The first job for the new Congress is rapid enactment of a major economic reconstruction program. Bold action is required by the potential depth of this crisis and the lessons of last year’s inequitable and ineffective “stimulus package.”
Economic forecasting is extraordinarily difficult. Economic events are not like solar eclipses. They are affected by policy choices as well as by mercurial swings in consumer and business sentiment. Nonetheless, there are ample reasons to infer the likelihood of a very deep recession that likely will induce unemployment in excess of the early Reagan era double-digit figure.
The U.S. economy is in the midst of the collapse of “history’s greatest asset bubble.” The housing industry, long a major driver of the U.S. economy, is in major retrenchment. Declining housing values also leave many consumers feeling both less wealthy. States are engaged in draconian job cuts.
In such a climate business is reluctant to invest even when banks have money to lend and interest rates have reached historic lows. Reluctance to spend now threatens the U.S. economy with literal deflation. Deflation in turn leads to further consumer retrenchment. Consumer debt becomes more burdensome and even those not disabled by debt hold off on shopping in the expectation that prices will fall further.
To break this vicious circle the federal government must become the spender of last resort. The greatest risk today lies not in government action but rather in slow and overly restrained action. Conventional wisdom recommends a package of $500 billion to $700 billion. Nonetheless, given the shortfall in consumer and invest-ment spending, the need, as American Prospect editor Robert Kuttner suggests, is likely to be closer to a trillion dollars a year for the next two years. If Congress takes too long to enact a modest package, more workers will face layoffs, confidence will decline further, more homes and factories will deteriorate and skills erode.
One must anticipate the usual objections: fears of escalating national debt, an overheating economy, an eventual spike in interest rates and a precipitous flight from the dollar. Each of these objections is vastly overblown.
Contrary to most conservative opinion, the reluctance of FDR — who distrusted economist John Maynard Keynes, who suggested that governments should spend money they don’t have — to move boldly enough prolonged the Depression. Only deficits on a scale of close to 30 percent of Gross National Product during World War II pulled this economy out of the Depression.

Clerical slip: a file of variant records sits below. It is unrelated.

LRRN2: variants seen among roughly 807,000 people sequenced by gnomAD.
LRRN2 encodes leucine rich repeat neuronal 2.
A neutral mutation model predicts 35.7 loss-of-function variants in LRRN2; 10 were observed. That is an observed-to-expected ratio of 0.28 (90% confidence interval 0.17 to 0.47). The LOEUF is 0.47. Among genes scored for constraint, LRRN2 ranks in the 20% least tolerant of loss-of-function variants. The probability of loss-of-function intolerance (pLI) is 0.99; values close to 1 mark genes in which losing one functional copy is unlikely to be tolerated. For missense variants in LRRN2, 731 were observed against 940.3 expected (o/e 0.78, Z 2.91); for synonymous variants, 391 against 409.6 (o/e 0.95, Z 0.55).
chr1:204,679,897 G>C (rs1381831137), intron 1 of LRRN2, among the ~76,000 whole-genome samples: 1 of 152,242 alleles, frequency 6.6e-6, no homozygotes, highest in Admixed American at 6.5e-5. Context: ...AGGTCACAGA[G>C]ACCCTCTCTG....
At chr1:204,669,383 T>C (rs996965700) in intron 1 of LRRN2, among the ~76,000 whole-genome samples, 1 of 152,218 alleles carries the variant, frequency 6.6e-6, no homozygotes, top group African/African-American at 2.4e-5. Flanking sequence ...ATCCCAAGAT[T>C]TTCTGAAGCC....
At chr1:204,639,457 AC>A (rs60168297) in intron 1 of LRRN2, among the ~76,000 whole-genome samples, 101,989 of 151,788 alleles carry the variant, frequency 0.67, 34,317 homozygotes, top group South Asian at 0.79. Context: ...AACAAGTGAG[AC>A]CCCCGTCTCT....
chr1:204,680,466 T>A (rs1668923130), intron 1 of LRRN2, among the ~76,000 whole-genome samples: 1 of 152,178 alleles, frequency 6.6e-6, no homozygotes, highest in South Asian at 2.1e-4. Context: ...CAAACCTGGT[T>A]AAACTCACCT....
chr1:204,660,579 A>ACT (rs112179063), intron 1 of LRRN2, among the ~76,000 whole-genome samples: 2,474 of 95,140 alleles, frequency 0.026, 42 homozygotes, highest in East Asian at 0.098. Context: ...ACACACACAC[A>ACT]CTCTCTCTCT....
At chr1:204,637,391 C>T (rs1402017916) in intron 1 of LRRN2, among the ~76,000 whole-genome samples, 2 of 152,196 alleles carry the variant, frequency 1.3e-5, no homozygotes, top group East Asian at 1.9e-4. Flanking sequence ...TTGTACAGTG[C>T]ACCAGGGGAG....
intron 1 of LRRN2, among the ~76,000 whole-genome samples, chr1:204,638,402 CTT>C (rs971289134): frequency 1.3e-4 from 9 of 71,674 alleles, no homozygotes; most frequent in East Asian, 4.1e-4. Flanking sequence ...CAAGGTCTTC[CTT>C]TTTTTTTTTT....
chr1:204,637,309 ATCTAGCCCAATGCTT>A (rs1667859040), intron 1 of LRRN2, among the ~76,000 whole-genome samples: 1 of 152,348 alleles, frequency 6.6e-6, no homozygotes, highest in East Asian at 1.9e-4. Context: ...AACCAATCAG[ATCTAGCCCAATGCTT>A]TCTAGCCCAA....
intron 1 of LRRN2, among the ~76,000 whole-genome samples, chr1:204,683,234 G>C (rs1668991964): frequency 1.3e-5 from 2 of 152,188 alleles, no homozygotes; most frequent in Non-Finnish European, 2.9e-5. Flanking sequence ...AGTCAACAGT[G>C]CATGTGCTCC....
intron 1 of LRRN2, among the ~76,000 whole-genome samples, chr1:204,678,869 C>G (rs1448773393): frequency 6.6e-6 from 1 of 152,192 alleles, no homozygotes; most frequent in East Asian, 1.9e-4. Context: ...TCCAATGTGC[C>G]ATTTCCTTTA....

Inflation worries are premature. In any case government can address inflation far more easily than deflation. Once a recovery gains steam, Congress can and should raise taxes on those who have benefited from Bush-era preferential treatment and the Paulson bailout. Even if Congress fails to act, the Fed can raise interest rates to cool inflation. International financial markets correctly trust the Fed’s anti-inflation credentials.
More broadly, there are fewer risks of inflation or a precipitous dollar decline if the U.S. economy regains its soundness and productivity. To this end, economic reconstruction should emphasize revenue sharing for state programs, infrastructure spending, improved unemployment compensation, and increased food stamp and en-ergy assistance.
The reasons for such priorities are both social and economic. Many of the most severe budget cuts both in Maine and nationally have damaged poor and working-class residents. Grants to state governments for immediate restoration of such programs will employ residents who will spend it quickly. Much of their spending, for food and insulation as well as outlays for domestic infrastructure, will in turn create further U.S. jobs, reduce energy costs and take some strain off the U.S. balance of trade deficit.
Congress should resist calls for more capital gains tax reductions. Most businesses use retained profits rather than stock market initial public offerings to expand. In addition, they invest only if they see an expanding market. The private market does not always know best and is not always self-correcting. Capital gains tax favoritism has rewarded the speculative excesses that threaten this economy.
Some federal programs will not be optimally efficient, but almost anything is better than leaving workers and plants idle. In addition, as Paul Krugman suggests, protection for whistleblowers, greater transparency and regular oversight can greatly reduce the likelihood of outrageous abuses. It is time for Congress to put the dis-credited wisdom of wealthy speculators aside and aid those who build this economy.
John Buell is a political economist who lives in Southwest Harbor. Readers may reach him at
firstname.lastname@example.org. He will be speaking at College of the Atlantic at 4 p.m. Tuesday, Jan. 13, about the future of American capitalism.